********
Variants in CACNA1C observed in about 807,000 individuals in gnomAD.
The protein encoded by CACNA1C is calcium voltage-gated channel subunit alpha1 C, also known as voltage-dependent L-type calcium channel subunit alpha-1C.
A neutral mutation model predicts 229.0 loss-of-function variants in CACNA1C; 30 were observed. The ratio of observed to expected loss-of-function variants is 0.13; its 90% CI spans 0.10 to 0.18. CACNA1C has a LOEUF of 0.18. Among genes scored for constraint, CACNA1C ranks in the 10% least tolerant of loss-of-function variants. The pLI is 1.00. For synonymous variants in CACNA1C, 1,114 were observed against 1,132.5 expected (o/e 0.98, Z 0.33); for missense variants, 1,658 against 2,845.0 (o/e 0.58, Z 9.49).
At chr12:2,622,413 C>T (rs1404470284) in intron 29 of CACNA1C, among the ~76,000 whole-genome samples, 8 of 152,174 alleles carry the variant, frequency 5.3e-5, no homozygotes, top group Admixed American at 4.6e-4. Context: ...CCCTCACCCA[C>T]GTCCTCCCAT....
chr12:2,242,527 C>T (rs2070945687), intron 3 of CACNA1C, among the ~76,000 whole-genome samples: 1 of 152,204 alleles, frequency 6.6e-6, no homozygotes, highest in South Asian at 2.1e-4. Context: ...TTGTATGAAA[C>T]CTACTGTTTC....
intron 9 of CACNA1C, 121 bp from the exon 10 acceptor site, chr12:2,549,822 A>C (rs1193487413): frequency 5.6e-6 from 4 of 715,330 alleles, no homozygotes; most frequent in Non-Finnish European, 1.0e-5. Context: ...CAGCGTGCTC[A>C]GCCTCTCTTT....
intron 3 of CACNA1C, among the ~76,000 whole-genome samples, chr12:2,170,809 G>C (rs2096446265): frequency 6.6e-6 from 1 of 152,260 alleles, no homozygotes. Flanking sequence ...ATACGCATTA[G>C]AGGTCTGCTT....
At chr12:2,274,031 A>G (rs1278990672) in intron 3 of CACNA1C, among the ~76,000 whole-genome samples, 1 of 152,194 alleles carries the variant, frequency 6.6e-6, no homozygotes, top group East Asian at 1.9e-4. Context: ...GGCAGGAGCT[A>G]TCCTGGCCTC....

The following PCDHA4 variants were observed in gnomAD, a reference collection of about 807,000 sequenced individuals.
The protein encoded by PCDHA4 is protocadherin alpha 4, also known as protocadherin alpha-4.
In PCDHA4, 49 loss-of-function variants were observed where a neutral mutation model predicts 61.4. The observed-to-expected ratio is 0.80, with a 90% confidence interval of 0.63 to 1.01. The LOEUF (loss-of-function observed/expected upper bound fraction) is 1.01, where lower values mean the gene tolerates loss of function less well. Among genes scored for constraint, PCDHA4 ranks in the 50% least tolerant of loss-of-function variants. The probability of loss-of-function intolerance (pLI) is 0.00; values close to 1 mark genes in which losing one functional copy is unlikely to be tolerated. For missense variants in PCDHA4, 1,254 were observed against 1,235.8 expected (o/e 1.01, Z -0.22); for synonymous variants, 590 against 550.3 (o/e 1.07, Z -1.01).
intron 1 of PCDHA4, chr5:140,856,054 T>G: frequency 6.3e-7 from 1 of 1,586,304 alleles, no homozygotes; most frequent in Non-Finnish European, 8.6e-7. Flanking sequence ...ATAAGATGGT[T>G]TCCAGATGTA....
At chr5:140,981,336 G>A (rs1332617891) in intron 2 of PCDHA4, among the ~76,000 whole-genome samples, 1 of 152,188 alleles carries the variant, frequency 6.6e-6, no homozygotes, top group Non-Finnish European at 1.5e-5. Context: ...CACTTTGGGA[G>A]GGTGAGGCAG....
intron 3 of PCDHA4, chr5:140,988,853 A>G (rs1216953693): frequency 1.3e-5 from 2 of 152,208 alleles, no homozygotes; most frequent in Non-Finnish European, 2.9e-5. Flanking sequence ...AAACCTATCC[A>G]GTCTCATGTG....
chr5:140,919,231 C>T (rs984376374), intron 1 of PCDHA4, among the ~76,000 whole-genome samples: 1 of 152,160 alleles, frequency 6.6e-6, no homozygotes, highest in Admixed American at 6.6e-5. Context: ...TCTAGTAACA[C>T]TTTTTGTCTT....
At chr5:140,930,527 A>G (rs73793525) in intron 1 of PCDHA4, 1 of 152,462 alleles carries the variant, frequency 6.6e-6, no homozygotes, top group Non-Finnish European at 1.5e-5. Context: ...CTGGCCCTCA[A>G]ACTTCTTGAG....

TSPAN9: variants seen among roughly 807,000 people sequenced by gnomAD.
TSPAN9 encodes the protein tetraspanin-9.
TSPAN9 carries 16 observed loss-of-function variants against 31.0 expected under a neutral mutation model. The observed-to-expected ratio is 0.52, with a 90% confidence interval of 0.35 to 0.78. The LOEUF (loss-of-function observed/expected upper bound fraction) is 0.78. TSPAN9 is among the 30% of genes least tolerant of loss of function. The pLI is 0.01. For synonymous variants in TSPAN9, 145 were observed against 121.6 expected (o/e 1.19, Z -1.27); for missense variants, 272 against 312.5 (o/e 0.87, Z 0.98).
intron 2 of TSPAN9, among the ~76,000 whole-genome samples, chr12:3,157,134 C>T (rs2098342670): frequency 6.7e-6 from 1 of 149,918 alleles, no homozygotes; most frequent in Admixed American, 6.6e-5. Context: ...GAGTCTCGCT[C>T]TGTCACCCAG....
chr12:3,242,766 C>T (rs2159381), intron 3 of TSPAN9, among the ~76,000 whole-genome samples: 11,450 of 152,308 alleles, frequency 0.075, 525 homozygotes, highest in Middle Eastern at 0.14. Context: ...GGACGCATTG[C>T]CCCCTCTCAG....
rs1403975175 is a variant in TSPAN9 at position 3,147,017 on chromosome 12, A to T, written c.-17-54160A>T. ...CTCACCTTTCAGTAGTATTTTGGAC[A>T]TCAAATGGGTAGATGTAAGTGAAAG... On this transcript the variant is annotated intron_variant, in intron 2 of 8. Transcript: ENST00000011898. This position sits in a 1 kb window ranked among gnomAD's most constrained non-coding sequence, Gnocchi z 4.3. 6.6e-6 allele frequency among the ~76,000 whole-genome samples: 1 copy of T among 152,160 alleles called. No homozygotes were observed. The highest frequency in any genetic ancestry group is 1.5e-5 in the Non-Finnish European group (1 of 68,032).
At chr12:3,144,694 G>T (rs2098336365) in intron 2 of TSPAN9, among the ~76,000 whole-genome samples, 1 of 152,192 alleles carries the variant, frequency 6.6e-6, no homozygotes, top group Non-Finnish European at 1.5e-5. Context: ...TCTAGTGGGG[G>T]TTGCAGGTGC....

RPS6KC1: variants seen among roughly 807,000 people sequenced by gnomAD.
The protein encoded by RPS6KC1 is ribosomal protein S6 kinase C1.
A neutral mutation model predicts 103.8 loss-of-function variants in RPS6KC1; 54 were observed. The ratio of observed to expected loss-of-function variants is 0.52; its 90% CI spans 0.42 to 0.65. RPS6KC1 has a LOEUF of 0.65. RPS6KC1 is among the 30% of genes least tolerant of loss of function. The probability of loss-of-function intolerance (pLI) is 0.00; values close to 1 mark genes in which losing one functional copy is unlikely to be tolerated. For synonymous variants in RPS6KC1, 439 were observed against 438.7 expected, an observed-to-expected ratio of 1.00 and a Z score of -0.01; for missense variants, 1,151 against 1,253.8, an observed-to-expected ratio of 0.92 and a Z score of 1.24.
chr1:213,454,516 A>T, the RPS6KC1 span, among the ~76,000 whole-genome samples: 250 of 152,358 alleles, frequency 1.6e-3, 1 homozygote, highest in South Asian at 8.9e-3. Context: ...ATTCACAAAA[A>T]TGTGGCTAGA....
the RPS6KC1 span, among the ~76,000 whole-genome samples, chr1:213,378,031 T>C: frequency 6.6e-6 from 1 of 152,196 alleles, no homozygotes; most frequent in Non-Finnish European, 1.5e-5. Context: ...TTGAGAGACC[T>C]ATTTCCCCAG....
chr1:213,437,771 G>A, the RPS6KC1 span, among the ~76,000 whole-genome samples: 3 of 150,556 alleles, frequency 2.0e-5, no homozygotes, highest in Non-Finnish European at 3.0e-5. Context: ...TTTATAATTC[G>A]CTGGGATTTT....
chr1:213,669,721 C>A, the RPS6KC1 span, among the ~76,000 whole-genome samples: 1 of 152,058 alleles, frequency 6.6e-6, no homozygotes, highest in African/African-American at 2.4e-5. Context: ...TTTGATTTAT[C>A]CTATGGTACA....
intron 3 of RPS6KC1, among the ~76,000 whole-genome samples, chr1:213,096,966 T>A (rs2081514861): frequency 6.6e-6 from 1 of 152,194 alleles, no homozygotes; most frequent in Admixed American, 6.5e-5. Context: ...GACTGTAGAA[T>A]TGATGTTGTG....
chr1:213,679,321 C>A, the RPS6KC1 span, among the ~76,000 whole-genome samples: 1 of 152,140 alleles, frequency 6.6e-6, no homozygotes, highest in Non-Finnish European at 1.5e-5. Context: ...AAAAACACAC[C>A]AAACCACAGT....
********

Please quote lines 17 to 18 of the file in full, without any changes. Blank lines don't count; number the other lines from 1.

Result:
TSPAN9: variants seen among roughly 807,000 people sequenced by gnomAD.
TSPAN9 encodes the protein tetraspanin-9.